I have grand plans to establish a repeat survey of the trees in the New Wood which was planted in April 2021. I want to get a better idea of which species are doing well, the mortality rate, and maybe eventually see if there are any spatial patterns in competition among individuals. I did the first survey in September 2021, but only just finished entering the data, as it fell to the bottom of my todo list. I’d like to do another survey in September this year. Last year I think it took about 5 hours to do the whole survey, but I split it over a few days. If I make sure I’m prepared this time I reckon I can do it in a day. I’ve created an ODK form to cut down on the time spent transcribing data from notebook to computer.
In the first survey I recorded:
- Row and tree number
- Alive or dead
- Whether the apex is dead
- Whether the tree has fungi on the leaves
- The type of tree guard
- Whether the tree has been mulched since the last census
- Any other notes on condition
As the trees get older I’m hoping I can also measure their height, but I didn’t get round to that in the first year.
Although there’s about 5000 trees in the New Wood, I only have time to survey the short-rotation coppice area, which is 1070 trees.
There’s 10 different species in the coppice area:
- Corylus avellana (hazel) - 420
- Betula pendula (silver birch) - 297
- Quercus robur (pedunculate oak) - 170
- Ilex aquifolium (holly) - 82
- Indet indet (unknown) - 31
- Carpinus betulus (hornbeam) - 18
- Prunus avium (wild cherry) - 18
- Prunus spinosa (blackthorn) - 17
- Crataegus monogyna (hawthorn) - 11
- Frangula alnus (alder buckthorn) - 5
- Viburnum opulus (guelder rose) - 1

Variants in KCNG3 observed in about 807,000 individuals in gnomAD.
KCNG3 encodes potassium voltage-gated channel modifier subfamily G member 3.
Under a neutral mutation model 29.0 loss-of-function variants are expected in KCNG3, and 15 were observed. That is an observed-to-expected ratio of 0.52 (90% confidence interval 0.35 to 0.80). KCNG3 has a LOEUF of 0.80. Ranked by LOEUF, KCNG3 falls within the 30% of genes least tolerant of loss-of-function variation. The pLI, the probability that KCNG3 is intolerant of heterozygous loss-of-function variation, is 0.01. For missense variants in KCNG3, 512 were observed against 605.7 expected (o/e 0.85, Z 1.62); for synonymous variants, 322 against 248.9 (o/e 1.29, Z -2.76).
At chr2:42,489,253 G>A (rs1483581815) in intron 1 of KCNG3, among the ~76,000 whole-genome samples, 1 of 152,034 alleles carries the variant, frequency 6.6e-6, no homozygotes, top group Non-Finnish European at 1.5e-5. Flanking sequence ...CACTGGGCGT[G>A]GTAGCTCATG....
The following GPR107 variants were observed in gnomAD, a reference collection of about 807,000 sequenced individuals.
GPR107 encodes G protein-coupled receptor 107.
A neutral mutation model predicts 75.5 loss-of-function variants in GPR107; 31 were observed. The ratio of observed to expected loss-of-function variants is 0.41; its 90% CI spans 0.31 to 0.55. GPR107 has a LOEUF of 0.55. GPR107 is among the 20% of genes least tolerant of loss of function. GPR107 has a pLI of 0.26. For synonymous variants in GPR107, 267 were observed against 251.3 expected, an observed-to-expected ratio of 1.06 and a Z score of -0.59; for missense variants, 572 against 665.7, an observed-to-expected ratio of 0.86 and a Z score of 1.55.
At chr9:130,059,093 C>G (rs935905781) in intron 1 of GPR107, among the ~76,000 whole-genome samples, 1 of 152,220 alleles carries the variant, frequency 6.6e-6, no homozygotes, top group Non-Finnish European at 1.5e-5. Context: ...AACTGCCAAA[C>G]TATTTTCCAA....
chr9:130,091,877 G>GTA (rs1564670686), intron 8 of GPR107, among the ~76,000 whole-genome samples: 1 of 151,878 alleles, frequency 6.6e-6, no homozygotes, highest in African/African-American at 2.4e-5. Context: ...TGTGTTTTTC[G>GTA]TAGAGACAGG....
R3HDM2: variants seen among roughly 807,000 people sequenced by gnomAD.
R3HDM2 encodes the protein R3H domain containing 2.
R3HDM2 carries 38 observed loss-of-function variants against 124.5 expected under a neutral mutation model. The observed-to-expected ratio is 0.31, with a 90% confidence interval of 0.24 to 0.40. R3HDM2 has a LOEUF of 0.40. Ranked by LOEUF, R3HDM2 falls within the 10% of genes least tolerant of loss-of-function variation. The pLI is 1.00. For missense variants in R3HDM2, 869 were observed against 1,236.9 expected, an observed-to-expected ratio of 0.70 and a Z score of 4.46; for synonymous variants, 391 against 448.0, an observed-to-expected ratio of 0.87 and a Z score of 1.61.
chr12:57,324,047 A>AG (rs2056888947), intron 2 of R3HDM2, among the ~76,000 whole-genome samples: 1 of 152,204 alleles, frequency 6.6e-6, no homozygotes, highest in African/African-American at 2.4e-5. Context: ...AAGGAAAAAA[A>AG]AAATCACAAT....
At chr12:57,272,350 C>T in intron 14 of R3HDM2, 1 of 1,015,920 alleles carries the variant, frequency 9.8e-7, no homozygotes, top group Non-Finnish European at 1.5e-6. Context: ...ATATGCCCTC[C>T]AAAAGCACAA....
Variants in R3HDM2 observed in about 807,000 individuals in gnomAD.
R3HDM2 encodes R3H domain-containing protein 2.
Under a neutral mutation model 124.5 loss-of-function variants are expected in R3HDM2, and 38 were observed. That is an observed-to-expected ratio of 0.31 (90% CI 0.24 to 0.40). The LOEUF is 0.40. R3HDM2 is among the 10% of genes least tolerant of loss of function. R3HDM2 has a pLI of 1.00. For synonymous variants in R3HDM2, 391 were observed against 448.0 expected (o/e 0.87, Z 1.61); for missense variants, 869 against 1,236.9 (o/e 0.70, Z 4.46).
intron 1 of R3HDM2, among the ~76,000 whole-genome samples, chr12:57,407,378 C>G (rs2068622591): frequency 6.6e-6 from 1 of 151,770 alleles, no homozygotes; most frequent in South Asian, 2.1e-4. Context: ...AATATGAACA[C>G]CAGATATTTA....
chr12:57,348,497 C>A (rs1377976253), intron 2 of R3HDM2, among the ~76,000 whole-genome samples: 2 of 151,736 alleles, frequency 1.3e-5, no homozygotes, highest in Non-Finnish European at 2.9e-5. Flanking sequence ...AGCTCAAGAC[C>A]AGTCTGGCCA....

Only 14 of the trees had been mulched back in September 2021, but I know now that it’s much more.
Most of the hazel, blackthorn and hawthorn are in spiral guards, and it looks like the few hornbeams that were planted in this block were also mistakenly planted in spiral guards. All of the holly except one were planted in the wider diameter holly guards, which makes sense because they’re easy to identify.
If you don’t include the individuals that I couldn’t identify, mostly because they were just sticks with no leaves, pedunculate oak seems to have experienced the most mortality.
I haven’t got around to making a proper stem map, but the trees are all approximately 2.5 m apart, and the rows are roughly perpendicular to a fence line that runs along the eastern edge of the planting area, so it’s possible to make an approximate map just using the rows and tree numbers.
This is the species layout, which shows a lot of pedunculate oak at the bottom of the planting area, and lots of hazel at the top end. There’s a couple of rows with lots of hornbeam in the 9th and 10th rows from the bottom.
Thee doesn’t seem to be much of a pattern in the type of guards used in different areas of the planting area.
Maybe there’s a bit of clustering of trees afflicted by leaf fungi, with more trees to the bottom of the planting area, but that could also just be because most of the trees with leaf fungi were oak, and they are concentrated at the bottom of the planting area.
Finally, there doesn’t seem to be any spatial pattern of tree mortality, which is good to see.